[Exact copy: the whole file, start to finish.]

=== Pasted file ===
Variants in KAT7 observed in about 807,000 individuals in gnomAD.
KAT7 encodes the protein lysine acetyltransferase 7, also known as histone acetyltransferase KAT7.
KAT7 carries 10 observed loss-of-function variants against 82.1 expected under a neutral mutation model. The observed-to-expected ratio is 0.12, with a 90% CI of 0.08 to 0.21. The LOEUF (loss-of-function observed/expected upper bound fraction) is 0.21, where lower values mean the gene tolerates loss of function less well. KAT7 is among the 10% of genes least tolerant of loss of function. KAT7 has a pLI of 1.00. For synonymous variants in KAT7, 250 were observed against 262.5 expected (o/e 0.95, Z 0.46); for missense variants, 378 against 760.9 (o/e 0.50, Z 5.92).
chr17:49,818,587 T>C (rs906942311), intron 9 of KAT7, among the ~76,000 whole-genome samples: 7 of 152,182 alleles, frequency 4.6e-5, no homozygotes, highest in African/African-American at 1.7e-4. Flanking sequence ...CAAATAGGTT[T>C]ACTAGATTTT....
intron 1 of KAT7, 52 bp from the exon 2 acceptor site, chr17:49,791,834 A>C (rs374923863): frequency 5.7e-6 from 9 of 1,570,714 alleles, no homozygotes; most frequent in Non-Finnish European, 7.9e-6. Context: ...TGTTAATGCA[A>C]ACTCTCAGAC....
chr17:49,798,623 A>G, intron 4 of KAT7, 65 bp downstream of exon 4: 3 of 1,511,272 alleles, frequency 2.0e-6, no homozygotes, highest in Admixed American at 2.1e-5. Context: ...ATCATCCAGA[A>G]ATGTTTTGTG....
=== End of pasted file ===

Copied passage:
Variants in KAT7 observed in about 807,000 individuals in gnomAD.
KAT7 encodes the protein lysine acetyltransferase 7, also known as histone acetyltransferase KAT7.
KAT7 carries 10 observed loss-of-function variants against 82.1 expected under a neutral mutation model. The observed-to-expected ratio is 0.12, with a 90% CI of 0.08 to 0.21. The LOEUF (loss-of-function observed/expected upper bound fraction) is 0.21, where lower values mean the gene tolerates loss of function less well. KAT7 is among the 10% of genes least tolerant of loss of function. KAT7 has a pLI of 1.00. For synonymous variants in KAT7, 250 were observed against 262.5 expected (o/e 0.95, Z 0.46); for missense variants, 378 against 760.9 (o/e 0.50, Z 5.92).
chr17:49,818,587 T>C (rs906942311), intron 9 of KAT7, among the ~76,000 whole-genome samples: 7 of 152,182 alleles, frequency 4.6e-5, no homozygotes, highest in African/African-American at 1.7e-4. Flanking sequence ...CAAATAGGTT[T>C]ACTAGATTTT....
intron 1 of KAT7, 52 bp from the exon 2 acceptor site, chr17:49,791,834 A>C (rs374923863): frequency 5.7e-6 from 9 of 1,570,714 alleles, no homozygotes; most frequent in Non-Finnish European, 7.9e-6. Context: ...TGTTAATGCA[A>C]ACTCTCAGAC....
chr17:49,798,623 A>G, intron 4 of KAT7, 65 bp downstream of exon 4: 3 of 1,511,272 alleles, frequency 2.0e-6, no homozygotes, highest in Admixed American at 2.1e-5. Context: ...ATCATCCAGA[A>G]ATGTTTTGTG....